How did you first hear about Henk Otte? ^ David Klawans: I like to surf the Internet to find true stories, because the truth is always stranger then fiction, and I came across this Associated Press article the day it went up. I’d been looking for something to do because I was so tired of the Hollywood system. It just takes too long to develop projects. Rob called me from Sundance – ^ Rob Aitro: I was crashing in a friend’s condo with 15 other people. ^ David Klawans: – and I told him I’d just found this article. He, Sherman, Sven, Brett and I all went to NYU together and wanted to collaborate on a project. At first I thought Henk’s story could be a feature, but I didn’t want it to turn into “King Ralph” or something – just another stupid comedy project sitting around at a studio. I wanted to go out and make something, so we decided to do it as a documentary. Now, 18 months later, it’s done, whereas if it were in the Hollywood system we’d still be bickering over the script. ^ Sherman Lau: It was such an incredible story that you had to actually see it to believe it. ^
How did you first get in touch with Henk? ^ SL: Dave asked me if I could track Henk down. I called the Associated Press, who just gave me his home number. ^ RA: Henk wanted publicity for his Ghana foundation. So he let the AP writer give out his number. ^ DK: He had already been contacted by “60 Minutes”, but that didn’t work out. ^ RA: The media was all over him after the AP piece. We just wanted to see if he was for real. I mean, here’s Homer Simpson with his own kingdom… ^ SL: Rob and I flew to Amsterdam to meet the man in person. We had to find out if it was all true, and it turned out to be even better. We really felt there was a story there, and we got along with Henk and his family, which was key. You have to have the right rapport with your subject. ^ DK: When Rob and Sherman came back, we sat down and talked logistics. This film would be expensive; we’d have a crew flying to Amsterdam and then on to Ghana. Where were we going to get the cash and equipment? So we all contributed a large portion of money to make it work. I had saved up money from editing porn. Pixelizing the bush, that is.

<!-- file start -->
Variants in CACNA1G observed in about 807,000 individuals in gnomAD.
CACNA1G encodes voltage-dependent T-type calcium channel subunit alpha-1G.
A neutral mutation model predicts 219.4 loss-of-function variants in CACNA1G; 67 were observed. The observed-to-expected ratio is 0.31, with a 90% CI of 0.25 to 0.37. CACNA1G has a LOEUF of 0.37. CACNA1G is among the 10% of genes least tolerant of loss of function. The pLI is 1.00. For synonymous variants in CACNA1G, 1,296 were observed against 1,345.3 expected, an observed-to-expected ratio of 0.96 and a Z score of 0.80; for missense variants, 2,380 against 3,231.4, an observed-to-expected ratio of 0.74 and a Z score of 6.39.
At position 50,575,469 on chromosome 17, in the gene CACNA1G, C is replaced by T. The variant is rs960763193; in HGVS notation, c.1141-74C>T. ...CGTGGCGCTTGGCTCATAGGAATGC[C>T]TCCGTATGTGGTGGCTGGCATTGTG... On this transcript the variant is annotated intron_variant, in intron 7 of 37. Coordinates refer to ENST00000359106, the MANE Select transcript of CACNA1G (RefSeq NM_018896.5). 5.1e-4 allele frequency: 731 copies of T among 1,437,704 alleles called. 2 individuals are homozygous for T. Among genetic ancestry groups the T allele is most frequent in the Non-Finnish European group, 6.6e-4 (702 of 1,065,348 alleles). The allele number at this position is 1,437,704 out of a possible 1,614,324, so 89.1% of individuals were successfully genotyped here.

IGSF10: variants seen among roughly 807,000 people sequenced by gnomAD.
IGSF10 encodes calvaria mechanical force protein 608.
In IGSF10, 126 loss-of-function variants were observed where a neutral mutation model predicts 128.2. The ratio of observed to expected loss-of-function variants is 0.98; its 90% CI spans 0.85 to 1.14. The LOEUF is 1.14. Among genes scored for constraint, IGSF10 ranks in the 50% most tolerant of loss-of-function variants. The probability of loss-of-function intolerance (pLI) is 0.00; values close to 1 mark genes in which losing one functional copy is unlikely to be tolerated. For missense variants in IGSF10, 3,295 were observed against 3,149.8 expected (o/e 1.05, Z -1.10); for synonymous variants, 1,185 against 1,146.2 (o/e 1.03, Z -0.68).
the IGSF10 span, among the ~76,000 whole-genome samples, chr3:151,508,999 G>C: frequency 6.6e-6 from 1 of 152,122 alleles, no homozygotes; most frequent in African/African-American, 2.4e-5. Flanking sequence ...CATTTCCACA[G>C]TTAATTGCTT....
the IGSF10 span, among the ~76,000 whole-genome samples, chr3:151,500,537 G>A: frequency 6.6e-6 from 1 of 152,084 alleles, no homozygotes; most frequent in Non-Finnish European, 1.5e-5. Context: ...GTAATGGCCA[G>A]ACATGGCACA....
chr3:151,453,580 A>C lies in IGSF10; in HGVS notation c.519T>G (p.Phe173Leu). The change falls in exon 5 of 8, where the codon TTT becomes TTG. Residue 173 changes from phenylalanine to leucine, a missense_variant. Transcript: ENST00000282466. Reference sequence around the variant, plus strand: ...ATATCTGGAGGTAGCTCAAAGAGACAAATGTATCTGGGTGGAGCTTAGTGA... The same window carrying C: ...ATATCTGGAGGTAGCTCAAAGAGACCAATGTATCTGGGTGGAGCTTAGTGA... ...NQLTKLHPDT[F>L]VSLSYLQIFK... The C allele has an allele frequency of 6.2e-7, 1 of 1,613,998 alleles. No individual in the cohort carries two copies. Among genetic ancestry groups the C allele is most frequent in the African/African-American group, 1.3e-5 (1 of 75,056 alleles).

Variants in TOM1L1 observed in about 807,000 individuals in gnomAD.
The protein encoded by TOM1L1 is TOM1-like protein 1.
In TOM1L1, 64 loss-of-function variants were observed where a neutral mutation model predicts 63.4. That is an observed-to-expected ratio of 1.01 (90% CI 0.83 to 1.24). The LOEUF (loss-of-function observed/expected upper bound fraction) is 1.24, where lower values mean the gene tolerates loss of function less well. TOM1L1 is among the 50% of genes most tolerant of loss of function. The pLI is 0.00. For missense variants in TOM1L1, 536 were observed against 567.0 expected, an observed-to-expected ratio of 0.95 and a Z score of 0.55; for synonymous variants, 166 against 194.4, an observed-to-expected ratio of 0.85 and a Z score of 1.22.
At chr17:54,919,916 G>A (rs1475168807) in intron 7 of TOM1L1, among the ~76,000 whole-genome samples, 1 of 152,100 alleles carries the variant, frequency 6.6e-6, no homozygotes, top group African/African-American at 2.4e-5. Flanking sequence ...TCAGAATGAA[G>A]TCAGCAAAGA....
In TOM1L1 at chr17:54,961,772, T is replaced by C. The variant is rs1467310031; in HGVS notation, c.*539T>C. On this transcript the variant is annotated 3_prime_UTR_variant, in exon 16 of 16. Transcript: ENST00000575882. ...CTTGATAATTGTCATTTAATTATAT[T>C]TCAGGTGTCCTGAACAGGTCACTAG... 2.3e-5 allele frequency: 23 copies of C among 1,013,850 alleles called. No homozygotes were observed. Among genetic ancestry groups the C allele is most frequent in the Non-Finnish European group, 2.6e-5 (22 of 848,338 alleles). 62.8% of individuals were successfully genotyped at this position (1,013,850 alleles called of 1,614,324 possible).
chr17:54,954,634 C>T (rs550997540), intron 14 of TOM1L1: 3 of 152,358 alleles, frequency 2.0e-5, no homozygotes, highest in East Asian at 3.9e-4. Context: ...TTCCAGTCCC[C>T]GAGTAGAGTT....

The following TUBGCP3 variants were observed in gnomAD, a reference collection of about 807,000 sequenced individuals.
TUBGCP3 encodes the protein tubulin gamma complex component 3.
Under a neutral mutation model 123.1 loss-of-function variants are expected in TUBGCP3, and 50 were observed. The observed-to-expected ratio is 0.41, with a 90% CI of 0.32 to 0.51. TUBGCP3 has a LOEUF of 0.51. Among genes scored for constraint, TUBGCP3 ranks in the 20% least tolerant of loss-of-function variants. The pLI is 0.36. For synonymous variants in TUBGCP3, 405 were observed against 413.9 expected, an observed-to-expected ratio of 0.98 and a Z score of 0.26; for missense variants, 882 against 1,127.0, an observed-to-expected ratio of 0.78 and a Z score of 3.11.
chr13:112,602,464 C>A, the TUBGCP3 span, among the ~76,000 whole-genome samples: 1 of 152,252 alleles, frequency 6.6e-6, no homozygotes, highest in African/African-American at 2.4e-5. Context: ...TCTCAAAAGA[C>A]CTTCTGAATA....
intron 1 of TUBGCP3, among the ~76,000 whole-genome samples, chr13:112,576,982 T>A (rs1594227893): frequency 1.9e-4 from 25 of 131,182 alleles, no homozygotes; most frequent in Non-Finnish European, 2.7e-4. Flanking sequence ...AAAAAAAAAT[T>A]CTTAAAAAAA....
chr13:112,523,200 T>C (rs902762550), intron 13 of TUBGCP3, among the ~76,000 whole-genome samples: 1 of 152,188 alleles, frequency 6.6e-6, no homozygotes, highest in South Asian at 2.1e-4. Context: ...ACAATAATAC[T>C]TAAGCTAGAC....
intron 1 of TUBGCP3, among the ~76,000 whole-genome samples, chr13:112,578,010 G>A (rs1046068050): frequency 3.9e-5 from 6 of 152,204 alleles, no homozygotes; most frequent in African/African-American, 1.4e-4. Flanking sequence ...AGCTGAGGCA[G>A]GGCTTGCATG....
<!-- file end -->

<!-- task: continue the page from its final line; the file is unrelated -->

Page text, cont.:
Explain that, please… ^ DK: Well for a number of years I worked at this Japanese film Company – first as a P.A., then as a coordinator – and they had just gotten a deal with Playboy to show ’70s porn flicks. But in Japan they’re not allowed to show pubic hair on television. So my job was to do what they do on “Cops”, digitally blur it out. I spent a couple of years pixelizing bush. ^ SL: I was a documentary producer at VH1 and had just quit to become a freelance editor so I could focus on my own projects. ^ DK: And Rob’s worked everywhere. ^ RA: I started out as a P.A. on TV movies like “The Amy Fisher Story”, the one with Alyssa Milano. And then another one with Beverly D’Angelo. I was Beverly’s driver, and she ended up helping me get into the CAA training program. But I wanted more out of life then being a bagel boy at CAA. So I went into development working for Dan Jinks, who produced “American Beauty,” and Marvin Worth, who had done “Malcolm X.” Then…I realized the business side wasn’t for me. ^ DK: And then along came “Togbe”. We all contributed to the funding…
Get the rest of the interview in part three of WORKING CLAss KING: THE STORY OF “TOGBE”>>>